But now we find that thermal cash register receipts contain 250 to 1,000 times more BPA than other sources such as baby bottles. As an endocrine disruptor, even the tiniest amounts are potentially harmful. Furthermore, it is ‘free’ BPA that is easily transferred to hand and mouth. An EWG analysis of data from retail workers found that they had 30% more BPA in their bodies than other adults. Another study in the US, Japan, Korea and Vietnam found that 94% of thermal paper receipts contained BPA.

One good source of BPA-free receipts is Appleton Papers, in Wisconsin. If you work in the retail sector, and handle receipts, you are at risk. Please write to Canada’s Minister of Health, Hon Leona Aglukkaq, House of Commons, Ontario
 K1A0A6 613-992-2848



As our civilization continues merrily down the path to its rendezvous with a huge civilizational and ecological mash-up, it is important that those of us who are working with everything we’ve got to lever it onto a new green track that can lead us instead towards sustainability and all things beautiful and green know our numbers. (Yea, for long sentences!) One set of numbers that we need to be familiar with is the extent to which governments are using public funds to subsidize the very fossil fuels that will be the death of us all if we don’t stop them in their tracks. Globally, the International Institute for Sustainable Development (IISD, based in Winnipeg) estimates that the total annual subsidy to fossil fuels is in the order of $600 billion a year, of which $100 billion goes to producers, and $500 million to consumers, through subsidized fuel prices.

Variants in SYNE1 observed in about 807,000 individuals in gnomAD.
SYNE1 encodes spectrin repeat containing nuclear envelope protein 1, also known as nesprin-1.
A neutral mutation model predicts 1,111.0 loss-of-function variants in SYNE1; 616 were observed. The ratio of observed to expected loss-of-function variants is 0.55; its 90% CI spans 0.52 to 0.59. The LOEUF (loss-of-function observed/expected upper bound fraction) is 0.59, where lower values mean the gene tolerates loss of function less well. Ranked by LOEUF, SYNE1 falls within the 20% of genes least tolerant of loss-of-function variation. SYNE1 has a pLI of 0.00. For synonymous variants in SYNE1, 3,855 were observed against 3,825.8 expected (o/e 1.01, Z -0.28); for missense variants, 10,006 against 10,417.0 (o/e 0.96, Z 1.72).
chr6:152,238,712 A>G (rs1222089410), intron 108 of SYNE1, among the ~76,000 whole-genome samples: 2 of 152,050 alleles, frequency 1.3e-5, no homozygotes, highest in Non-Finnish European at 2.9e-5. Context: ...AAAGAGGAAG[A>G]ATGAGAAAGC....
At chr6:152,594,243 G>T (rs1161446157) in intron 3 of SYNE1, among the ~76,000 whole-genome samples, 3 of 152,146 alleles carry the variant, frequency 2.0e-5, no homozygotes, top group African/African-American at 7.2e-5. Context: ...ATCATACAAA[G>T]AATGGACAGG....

In Canada, the federal and provincial governments in Alberta, Saskatchewan and Newfoundland used $2.84 billion of our money to support oil production in 2008, so the figure may be over $3 billion today. Why pour public money into the most profitable sector of the economy? In Alberta, the provincial economy will grow by an additional 0.16% because of the subsidies. Big friggin’ deal! Thanks to the subsidies, oil production will be 5% higher by 2020, and greenhouse gas emissions will be 2% higher. When it comes to the oil sands, the IISD finds that production will be 6-7 % higher and emissions 12% higher. So the next time you’re speaking to a conservative MP or supporter, ask them why they support this use of public funds. See Global Subsidies Initiative



The agrichemical giant Monsanto is always picking on the farmers – between 1997 and 2010 they filed 144 lawsuits against farmers for patent infringement, and they investigate more than 500 farmers every year. And because of the risk of crop contamination with GM seeds or pollen, organic farmers in the US are having to not grow any soybeans, corn, cotton, sugar beets or canola to protect themselves from Monsanto suing them for potential contamination.